This Week in Leadership
The Surprising Impact of Air Pollution—from Offices
A new Harvard study puts another wrinkle on corporate efforts to convince workers to return to the office.
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By Daniel Goleman
Younger generations have been fixated for some years on the Earth’s changing climate and what that will mean over their lifetimes. Seasoned cynics might be inclined to assume a pandemic and an economic recession would be enough to detour such benevolent concerns. But they would be wise to consider the sentiment these conscientious cohorts have internalized from recent events.
Before COVID lockdowns and the emergence of the new work-from-home norm, surveys showed millennials and Gen Zers valued addressing the climate crisis as their top imperative. When the novel coronavirus upended life as we knew it and jarred the economy, it became common to see anxieties manifest as a scarcity mindset, a collective fear that there won’t be enough to go around. Yet according to data collected by several agencies just before and after the crisis materialized, those 35 and younger held steadfast in their convictions that the environment is a top factor in deciding what to buy and whom to work for. The halt on commuter traffic and intensive energy expenditures, such as operating high-rise office buildings, has shown how quickly the Earth can repair itself when the rate of environmental degradation is slowed. Witnessing wild animals roaming city streets and air-quality improvement in a matter of weeks, young people are now more hopeful than ever about the prospect of decelerating climate change.
Of course, asset management firms that are wary of climate risk, like BlackRock, have already begun shifting to sustainable investments, favoring green energy over petroleum-based ventures. But observant entrepreneurs and venture capitalists will mark opportunities beyond solar energy and electric cars and begin now to position themselves to capitalize on the coming demographic shift.
In sheer numbers, Gen Z and millennials are the biggest generational populations. The younger the age group, the more serious the concerns about the near-term consequences of global warming. One survey found that almost two-thirds of Gen Z and millennial shoppers look for products with a sustainable footprint. Almost three out of four Gen Z consumers said they would pay more for sustainably marketed products. Older shoppers, by contrast, are less keen on shelling out top dollar in the name of eco-friendly. And a bonus: Gen Zers are more likely to recommend a company or product that boasts social or environmental purpose.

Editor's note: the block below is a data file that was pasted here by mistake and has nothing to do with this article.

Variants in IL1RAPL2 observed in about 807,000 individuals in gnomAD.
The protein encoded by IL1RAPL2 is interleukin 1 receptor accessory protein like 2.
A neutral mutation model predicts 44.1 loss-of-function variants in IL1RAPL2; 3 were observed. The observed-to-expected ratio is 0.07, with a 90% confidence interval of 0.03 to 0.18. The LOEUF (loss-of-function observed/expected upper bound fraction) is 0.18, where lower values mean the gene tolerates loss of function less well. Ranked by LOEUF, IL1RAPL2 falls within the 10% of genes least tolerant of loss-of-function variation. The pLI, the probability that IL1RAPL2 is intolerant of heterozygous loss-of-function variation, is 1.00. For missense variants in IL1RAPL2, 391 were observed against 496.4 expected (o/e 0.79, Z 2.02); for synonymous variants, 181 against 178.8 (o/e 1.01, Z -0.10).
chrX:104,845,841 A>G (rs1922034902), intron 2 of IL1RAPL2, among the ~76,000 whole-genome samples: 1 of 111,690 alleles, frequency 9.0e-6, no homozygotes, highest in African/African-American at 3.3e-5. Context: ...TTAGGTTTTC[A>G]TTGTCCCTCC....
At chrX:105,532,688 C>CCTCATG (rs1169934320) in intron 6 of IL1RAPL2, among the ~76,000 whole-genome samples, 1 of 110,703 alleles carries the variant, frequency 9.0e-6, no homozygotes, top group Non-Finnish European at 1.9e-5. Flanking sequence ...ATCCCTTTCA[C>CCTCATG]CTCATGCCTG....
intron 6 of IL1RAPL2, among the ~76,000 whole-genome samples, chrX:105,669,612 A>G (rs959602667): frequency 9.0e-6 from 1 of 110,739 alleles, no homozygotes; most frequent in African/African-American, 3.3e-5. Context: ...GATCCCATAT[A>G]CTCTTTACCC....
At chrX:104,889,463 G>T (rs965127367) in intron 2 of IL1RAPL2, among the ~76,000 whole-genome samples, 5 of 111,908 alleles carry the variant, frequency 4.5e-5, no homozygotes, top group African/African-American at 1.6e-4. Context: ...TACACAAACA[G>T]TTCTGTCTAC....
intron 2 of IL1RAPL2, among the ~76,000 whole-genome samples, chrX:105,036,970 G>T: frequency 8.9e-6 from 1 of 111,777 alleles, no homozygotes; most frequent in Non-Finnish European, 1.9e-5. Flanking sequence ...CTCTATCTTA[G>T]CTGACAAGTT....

It’s a clear—and from what we’re seeing, unflappable—trend toward increasing economic returns for early adopters of sustainable principles. But companies seeking to capitalize, be warned: digitally savvy consumers are also more likely to research so-called sustainable brands, ensuring that they follow through on their commitments to environmental standards. They want action and they want assurances—not glossy, feel-good green promises. Both millennials and Gen Zers say they are more likely to look for work with companies that demonstrate ecological mission and authenticity. It seems Gen Z, in particular, is unwilling to check its values at the company door, even if it comes at the cost of personal gain.
These optimistic attitudes present a novel opportunity for entrepreneurial innovation. Take Earthster, a start-up that offers to evaluate a product’s ecological footprint. Harvesting already existing life-cycle analytics, Earthster is able to track sustainability, including water consumption, toxicity, and ecosystem impact, among others, throughout a product’s entire supply chain. This cradle-to-grave comparative data includes extraction of materials, manufacturing, transportation and distribution, product use, and end-of-life disposal, so executives can experiment with variations. For instance, they can look at how transporting by boat rather than plane might improve a product’s environmental impacts—and then share that shift with customers. Even more, companies can compare their products with industry averages and incorporate those figures into their marketing.
As generations of shoppers and workers who care more about environmental impact than any other factor come of age, sustainability will become the new battleground for market share as well as talent—and maybe even provide an easy opportunity to do the right thing.